Survey

European investors increase appetite for risk, says INREV

For the first time since the financial crisis, investors’ appetite for risk appears to be growing, according to the INREV Investment Intentions Survey 2013.

Nearly 43 per cent of investors surveyed claimed a preference for value added funds compared with 21.9 per cent in 2012.

This growth in popularity comes predominantly from large institutional investors in Germany and the Nordic region. Dutch investors, while still driven by core funds, have also reduced their preference for core from 91.7 per cent last year to 72.7 per cent now.

Nonetheless, core funds remain the dominant style with 50 per cent of investors expressing a preference for them.

“These results are interesting. They seem to indicate that investors are beginning to look for opportunities further up the risk curve as opposed to concentrating solely on core, which has dominated the market for the last couple of years,” says Casper Hesp, INREV director research and market information.  

The survey results also show that a majority (55.9 per cent) of investors expect to increase their commitment to real estate as part of their overall multi-asset portfolio. Diversification and income return being the main reasons cited for this course of action.

For large investors, much of this commitment will be in the shape of joint ventures and club deals, as these vehicles are perceived to offer a greater level of control. The results show that 47.4 per cent of investors expect to increase their allocations to these products whereas only 3.5 per cent expect to decrease, resulting in a net balance of 43.9 per cent.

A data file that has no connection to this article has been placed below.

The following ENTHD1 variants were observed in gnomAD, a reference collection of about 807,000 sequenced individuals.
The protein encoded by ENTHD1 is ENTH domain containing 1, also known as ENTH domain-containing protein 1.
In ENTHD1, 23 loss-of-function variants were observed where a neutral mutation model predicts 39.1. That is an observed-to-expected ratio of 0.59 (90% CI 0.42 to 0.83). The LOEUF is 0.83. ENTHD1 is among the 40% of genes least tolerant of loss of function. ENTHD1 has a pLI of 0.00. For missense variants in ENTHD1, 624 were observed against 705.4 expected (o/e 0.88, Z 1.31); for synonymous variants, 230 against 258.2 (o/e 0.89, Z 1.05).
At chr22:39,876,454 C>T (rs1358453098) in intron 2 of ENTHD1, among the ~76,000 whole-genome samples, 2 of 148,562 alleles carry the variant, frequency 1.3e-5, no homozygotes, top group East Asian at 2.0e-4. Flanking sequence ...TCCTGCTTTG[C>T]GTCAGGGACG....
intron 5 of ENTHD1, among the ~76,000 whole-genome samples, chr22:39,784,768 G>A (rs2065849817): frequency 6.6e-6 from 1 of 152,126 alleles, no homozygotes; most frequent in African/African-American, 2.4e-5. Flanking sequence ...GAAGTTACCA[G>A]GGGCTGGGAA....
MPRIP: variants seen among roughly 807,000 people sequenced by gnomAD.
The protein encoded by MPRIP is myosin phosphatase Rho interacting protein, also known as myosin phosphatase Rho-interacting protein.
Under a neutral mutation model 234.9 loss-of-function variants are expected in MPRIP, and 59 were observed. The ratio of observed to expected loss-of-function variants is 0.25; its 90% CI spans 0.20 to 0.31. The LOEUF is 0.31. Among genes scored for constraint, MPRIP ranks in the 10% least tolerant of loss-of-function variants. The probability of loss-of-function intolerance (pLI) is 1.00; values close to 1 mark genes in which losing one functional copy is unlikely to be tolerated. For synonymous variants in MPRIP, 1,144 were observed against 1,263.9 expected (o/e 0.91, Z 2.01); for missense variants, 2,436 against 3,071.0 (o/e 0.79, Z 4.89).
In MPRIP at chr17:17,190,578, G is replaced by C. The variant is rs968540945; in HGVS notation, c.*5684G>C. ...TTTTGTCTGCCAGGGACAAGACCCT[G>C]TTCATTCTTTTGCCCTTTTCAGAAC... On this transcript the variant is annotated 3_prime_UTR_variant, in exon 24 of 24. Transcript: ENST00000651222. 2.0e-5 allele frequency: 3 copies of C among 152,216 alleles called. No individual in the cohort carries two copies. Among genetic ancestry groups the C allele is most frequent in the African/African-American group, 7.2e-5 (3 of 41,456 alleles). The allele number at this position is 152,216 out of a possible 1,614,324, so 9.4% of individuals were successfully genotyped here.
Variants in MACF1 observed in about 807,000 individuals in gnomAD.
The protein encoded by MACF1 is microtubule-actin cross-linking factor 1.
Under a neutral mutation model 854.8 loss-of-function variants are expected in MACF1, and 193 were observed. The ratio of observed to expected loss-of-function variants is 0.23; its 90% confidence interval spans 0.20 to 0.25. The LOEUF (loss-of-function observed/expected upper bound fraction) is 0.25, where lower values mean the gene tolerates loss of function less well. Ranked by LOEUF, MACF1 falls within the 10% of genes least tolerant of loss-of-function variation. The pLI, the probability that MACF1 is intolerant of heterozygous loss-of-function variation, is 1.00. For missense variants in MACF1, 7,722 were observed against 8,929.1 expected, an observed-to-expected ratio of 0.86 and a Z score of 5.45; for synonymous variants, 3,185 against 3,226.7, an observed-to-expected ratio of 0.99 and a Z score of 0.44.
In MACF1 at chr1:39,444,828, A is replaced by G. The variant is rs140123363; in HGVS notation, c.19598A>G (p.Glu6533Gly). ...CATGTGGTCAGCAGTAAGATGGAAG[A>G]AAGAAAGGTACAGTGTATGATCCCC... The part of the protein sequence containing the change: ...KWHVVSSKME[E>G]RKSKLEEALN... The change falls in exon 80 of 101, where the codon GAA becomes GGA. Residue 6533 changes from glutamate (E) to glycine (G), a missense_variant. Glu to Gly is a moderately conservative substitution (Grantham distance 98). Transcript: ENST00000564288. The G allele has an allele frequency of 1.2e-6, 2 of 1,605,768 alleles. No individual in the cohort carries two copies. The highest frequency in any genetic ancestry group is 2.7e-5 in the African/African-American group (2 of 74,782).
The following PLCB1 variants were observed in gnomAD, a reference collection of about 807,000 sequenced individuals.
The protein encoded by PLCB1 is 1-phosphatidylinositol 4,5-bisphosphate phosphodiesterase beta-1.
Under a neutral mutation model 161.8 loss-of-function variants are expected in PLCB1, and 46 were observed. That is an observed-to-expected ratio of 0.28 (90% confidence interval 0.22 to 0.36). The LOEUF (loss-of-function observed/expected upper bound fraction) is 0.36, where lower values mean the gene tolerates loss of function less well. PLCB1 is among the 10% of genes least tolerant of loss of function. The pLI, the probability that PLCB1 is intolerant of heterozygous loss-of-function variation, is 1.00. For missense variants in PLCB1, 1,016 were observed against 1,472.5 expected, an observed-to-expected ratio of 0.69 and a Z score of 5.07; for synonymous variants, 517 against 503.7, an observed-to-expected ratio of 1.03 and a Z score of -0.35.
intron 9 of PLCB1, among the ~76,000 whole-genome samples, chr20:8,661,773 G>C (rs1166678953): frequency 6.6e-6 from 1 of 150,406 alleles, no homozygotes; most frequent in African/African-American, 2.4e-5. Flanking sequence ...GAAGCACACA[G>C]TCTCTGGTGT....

In 2013 45.5 per cent of investors say they will make an investment in non-listed funds. However, since 2011 the percentage of investors expecting to increase their allocations to non-listed real estate funds over a two-year period has steadily fallen. In line with this, the percentage of investors expecting to decrease their allocations has risen.

Access to expert management was cited by 70 per cent of investors as the most important reason for their interest in non-listed real estate funds. They also continue to value the benefits that non-listed investments offer in terms of access to specific sectors.

But there are obstacles too with 58.6 per cent of investors and 52.9 per cent of fund of funds mangers seeing alignment of interest with fund managers as a key reason not to invest.

The novelty of real estate and mortgage debt investments is capturing the attention of investors with 35.1 per cent expected to increase allocations to these investments. However, 50.9 per cent of investors either do not invest in these products or treat them as part of their real estate portfolio. So for those that do, 71.5 per cent expect to increase allocations in the next two years.

When it comes to country preferences, Germany retains its title as favoured location with almost 68 per cent of investors, 92.3 per cent of fund of funds managers and 67.6 per cent of fund managers opting for allocations to this region.

The Nordic markets were second with 60.4 per cent of investors selecting this as their preferred location, largely driven by their own domestic investments. The UK remains in third position with 32 per cent of investors giving it the thumbs up.

“Set against the story of the wider economy and investment landscape, these results suggest a positive climate for real estate. It seems likely that real estate will continue to edge forward as part of investors’ total multi-asset portfolios,” says Matthias Thomas, chief executive of INREV.

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